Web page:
One of the most common forms of planned obsolescence is clever marketing. There does not even need to be anything wrong with your product for you to want to replace it. The most com-mon form of this is with cell phones. It is no wonder that another phone comes out every year (sometimes twice a year and multiple new phones).
Where marketing is the most effective is with the fear of missing out (FOMO). Do you want to be the only person still taking photos with “only” a 20 MP camera when you could have a 40 MP camera? How about all the new special effects you can get?
You also have to contend with phones which have bigger screens, are more powerful, have a longer battery life, are waterproof, can do more, have cooler cases, can take more video, have voice control, and are packed with AI. Sure, your phone can do everything which you need it to do but can it do what everyone else’s phone can do?
The fear of missing out is strong, and companies know it. Before you buy a new product, ask yourself if you really need it.
A Famous Example Of Planned Obsolescence
There are many examples of planned obsolescence, including printers and lightbulbs, but one of the most famous instances comes from one of the biggest companies in the world, Apple.
In 2018, French prosecutes went after the company for planned obsolescence. Under French law, it is a crime to intentionally shorten the lifespan of a product. As we know from planned obsolescence, there are a number of ways in which you can do this, and consumers end up buying repayment products.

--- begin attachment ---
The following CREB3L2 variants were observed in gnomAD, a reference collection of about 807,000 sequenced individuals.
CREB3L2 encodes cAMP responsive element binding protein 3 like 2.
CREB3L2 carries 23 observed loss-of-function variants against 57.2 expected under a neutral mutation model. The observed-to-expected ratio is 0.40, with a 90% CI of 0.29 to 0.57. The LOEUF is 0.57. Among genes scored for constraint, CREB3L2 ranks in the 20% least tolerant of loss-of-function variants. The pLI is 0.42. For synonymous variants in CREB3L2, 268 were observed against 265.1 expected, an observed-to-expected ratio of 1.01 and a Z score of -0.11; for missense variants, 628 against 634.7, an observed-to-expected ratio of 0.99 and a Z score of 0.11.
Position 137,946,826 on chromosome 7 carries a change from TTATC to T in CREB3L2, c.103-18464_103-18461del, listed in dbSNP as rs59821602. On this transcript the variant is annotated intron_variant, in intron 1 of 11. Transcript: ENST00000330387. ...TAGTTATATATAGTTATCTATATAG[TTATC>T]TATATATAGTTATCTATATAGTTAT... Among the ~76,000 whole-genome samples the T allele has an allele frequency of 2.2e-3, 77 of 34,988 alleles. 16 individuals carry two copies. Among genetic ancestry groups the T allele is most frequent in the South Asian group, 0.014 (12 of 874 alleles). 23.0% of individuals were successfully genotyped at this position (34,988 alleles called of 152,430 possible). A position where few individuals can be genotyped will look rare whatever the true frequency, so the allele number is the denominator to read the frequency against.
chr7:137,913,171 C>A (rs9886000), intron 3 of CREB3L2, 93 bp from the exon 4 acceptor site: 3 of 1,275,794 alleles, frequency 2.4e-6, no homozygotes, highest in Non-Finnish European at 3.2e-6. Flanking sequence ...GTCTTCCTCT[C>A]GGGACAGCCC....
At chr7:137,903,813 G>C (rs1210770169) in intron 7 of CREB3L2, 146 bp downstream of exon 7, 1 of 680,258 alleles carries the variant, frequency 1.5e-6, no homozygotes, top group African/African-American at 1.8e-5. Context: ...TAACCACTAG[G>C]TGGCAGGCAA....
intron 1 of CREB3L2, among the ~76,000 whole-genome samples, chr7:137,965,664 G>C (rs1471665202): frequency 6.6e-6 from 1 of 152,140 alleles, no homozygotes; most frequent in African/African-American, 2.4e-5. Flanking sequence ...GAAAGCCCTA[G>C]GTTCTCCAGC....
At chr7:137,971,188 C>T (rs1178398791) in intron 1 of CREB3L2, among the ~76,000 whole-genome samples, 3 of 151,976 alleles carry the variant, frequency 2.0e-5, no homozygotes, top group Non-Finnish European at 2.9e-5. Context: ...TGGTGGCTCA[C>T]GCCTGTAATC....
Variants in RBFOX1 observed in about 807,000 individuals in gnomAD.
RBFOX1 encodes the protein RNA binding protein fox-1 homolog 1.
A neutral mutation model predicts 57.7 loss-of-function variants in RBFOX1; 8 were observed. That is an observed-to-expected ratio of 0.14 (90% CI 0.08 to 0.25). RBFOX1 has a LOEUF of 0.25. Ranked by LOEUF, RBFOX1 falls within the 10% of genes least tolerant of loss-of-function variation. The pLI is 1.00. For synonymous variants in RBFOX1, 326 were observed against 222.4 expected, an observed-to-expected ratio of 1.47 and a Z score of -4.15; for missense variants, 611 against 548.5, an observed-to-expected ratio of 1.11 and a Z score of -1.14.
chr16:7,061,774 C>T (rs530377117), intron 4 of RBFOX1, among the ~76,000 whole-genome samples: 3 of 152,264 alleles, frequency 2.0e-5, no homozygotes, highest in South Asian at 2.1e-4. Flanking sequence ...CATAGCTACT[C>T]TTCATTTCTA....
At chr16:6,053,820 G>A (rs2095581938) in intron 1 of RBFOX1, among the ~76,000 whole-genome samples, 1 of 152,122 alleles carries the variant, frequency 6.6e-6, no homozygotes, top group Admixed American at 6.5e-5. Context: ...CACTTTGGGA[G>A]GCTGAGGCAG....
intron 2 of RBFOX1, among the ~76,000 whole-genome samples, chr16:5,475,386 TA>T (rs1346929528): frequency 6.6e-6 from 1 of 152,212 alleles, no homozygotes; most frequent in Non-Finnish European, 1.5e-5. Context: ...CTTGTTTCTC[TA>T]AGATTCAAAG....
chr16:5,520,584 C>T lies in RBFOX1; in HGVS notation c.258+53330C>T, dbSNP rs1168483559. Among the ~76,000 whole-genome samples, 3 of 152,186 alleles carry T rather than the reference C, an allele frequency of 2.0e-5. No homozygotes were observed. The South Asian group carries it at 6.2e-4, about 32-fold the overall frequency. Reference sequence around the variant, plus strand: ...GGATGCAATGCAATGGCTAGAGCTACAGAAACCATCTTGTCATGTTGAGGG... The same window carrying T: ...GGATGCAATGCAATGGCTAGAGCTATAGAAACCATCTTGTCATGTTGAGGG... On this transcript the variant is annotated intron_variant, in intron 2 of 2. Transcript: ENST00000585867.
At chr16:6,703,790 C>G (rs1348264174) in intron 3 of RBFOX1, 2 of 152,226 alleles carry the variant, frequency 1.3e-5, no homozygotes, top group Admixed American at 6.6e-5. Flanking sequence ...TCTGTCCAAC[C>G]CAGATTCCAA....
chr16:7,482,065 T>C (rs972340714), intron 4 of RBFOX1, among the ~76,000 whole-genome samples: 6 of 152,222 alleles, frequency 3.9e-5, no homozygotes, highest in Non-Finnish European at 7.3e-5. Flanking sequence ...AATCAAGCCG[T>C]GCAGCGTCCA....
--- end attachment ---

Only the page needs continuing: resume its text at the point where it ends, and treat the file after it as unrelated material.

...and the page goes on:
Apple admitted that older iPhone models were slowed down through software updates, though they claimed that this was because of diminishing battery performance rather than the software. Many iPhone users shared details of their phones being too slow to use.
While there was not much of a resolution, Apple slashed the prices of its replacement batteries so that the phones would speed up with the new software, and pledged to do more in the future to ensure that the phones did not slow again.
With a new iPhone coming out every year, I am sure there is some planned obsolescence in there somewhere.
Wrapping It Up
Before you buy a product, think about two things: do you need it? And, is it going to last? Just because you are buying a high-quality and expensive product, that does not mean that you are getting one which is going to last. Just look at the iPhone.
Companies are in business to make money. Some companies use planned obsolescence to make their money while others turn a profit while looking after their customer. When buying a product, take the time to look into the company and what they offer. Companies which offer lifetime warranties (or some sort of extended warranty) are usually ones which have belief in their products.
Look for future-proof products which are not going to be affected by software updates, and check if the product is one in a long line of slightly updated ones.
There are some great companies and durable products out there; you just need to know where to find them.